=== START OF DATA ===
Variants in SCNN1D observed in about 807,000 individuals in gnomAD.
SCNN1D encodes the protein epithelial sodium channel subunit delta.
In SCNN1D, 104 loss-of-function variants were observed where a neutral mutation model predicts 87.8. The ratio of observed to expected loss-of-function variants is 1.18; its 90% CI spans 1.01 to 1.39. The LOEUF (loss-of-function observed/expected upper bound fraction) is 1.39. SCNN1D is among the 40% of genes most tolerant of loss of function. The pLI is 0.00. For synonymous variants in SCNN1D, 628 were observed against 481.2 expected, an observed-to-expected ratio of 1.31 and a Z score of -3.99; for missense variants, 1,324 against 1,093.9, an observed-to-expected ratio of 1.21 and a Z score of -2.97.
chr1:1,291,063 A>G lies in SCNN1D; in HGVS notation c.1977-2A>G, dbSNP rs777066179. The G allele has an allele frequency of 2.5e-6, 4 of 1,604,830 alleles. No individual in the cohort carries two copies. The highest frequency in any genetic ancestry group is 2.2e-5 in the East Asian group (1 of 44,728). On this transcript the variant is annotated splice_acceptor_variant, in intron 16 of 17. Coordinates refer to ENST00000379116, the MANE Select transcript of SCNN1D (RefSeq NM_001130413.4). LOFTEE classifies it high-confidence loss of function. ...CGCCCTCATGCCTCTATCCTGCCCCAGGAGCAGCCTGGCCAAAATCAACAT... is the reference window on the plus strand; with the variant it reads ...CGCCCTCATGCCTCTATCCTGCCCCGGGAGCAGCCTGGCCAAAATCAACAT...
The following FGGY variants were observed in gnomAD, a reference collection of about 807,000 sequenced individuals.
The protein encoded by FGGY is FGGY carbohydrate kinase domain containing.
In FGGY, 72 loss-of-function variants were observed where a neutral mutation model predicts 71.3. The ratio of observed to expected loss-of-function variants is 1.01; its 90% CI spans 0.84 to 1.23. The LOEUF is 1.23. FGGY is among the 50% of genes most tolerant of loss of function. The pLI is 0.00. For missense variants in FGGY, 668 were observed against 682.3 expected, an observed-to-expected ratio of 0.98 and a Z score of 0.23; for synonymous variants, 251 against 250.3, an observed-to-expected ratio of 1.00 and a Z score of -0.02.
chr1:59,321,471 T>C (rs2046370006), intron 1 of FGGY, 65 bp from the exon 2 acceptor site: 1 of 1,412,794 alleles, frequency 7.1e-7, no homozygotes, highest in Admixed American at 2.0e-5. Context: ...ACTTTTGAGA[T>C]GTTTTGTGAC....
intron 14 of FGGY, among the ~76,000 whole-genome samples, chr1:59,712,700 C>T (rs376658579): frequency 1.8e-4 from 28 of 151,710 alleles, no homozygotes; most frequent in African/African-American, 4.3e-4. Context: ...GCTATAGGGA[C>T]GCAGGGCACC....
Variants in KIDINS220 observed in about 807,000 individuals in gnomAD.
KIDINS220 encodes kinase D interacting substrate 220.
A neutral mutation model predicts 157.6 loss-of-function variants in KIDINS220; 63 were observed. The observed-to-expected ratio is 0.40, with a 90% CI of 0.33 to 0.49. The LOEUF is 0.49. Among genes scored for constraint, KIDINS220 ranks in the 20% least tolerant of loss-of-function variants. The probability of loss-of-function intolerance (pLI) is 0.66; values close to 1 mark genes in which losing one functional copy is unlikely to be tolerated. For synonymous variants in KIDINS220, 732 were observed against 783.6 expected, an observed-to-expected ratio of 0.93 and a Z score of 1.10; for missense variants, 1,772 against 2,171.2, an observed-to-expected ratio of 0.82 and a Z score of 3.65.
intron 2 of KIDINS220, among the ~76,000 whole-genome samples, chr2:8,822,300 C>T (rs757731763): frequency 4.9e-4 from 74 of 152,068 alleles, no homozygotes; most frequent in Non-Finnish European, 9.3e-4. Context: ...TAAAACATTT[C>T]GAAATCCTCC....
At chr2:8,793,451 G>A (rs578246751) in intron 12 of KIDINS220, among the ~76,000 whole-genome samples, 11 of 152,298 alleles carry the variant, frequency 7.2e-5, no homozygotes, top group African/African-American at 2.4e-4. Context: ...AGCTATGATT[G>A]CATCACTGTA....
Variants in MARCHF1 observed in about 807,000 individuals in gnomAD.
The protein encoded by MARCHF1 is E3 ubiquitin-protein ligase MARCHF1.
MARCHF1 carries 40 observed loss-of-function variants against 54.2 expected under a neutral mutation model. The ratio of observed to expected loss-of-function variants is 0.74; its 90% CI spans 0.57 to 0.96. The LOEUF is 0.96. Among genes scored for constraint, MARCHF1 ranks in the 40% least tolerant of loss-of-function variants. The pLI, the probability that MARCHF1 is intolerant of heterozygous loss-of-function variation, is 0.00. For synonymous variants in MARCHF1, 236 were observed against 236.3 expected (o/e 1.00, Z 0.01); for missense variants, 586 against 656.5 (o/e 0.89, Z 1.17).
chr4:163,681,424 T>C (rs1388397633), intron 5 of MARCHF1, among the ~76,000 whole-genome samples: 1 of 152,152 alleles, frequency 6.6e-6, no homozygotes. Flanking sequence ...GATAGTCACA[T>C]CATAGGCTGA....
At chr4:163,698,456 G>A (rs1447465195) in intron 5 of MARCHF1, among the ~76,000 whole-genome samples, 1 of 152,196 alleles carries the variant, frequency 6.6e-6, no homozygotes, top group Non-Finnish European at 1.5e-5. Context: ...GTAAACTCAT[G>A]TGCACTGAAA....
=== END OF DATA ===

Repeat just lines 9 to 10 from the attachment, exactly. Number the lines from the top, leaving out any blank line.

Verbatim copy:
intron 14 of FGGY, among the ~76,000 whole-genome samples, chr1:59,712,700 C>T (rs376658579): frequency 1.8e-4 from 28 of 151,710 alleles, no homozygotes; most frequent in African/African-American, 4.3e-4. Context: ...GCTATAGGGA[C>T]GCAGGGCACC....
Variants in KIDINS220 observed in about 807,000 individuals in gnomAD.